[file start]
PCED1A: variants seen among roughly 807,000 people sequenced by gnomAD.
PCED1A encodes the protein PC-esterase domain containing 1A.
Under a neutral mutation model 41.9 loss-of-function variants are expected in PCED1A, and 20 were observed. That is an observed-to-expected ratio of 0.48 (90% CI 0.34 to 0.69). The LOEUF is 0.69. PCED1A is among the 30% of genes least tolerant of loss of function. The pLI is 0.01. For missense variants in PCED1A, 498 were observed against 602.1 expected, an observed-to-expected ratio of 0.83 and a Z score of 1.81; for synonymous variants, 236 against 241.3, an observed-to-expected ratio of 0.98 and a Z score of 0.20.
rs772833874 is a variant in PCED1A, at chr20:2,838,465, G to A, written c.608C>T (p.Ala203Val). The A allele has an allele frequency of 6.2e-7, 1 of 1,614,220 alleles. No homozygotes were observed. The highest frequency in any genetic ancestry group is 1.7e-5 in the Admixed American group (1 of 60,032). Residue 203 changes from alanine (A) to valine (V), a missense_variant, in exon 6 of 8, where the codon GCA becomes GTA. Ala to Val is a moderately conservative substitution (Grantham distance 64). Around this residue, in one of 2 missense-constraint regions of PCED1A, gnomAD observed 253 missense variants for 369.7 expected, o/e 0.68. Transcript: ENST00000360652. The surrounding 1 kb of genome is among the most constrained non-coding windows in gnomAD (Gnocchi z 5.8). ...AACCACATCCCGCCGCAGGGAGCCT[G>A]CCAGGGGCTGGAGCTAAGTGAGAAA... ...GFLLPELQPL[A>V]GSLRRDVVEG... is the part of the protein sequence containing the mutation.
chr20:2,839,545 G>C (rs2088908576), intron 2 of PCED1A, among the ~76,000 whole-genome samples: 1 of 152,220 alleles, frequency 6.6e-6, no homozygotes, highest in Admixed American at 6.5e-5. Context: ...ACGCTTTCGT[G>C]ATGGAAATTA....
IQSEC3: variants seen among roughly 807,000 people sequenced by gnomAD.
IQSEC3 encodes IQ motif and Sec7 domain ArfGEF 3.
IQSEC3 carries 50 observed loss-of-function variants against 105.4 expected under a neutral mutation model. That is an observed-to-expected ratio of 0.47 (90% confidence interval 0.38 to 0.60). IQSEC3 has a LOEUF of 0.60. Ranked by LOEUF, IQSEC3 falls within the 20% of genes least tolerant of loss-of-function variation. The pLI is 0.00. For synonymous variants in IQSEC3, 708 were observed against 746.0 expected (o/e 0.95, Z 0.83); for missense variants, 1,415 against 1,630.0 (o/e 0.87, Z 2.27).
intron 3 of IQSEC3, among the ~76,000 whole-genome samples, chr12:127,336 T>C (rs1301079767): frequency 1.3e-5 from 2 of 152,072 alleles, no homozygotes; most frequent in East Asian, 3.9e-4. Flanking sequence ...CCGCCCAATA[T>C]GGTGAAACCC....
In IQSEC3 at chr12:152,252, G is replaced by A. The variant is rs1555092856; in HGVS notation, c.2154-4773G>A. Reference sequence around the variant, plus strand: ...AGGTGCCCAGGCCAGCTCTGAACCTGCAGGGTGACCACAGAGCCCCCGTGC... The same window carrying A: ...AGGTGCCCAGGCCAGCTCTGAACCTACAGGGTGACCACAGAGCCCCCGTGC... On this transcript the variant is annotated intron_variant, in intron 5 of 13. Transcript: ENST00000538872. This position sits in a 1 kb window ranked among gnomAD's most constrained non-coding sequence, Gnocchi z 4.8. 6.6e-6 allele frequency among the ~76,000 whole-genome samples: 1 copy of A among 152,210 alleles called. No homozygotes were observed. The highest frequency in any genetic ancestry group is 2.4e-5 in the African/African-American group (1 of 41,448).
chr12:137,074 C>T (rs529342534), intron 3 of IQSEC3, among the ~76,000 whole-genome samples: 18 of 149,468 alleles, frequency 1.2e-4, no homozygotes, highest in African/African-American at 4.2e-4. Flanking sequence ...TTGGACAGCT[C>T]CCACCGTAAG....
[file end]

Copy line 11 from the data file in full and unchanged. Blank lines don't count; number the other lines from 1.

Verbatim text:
chr12:137,074 C>T (rs529342534), intron 3 of IQSEC3, among the ~76,000 whole-genome samples: 18 of 149,468 alleles, frequency 1.2e-4, no homozygotes, highest in African/African-American at 4.2e-4. Flanking sequence ...TTGGACAGCT[C>T]CCACCGTAAG....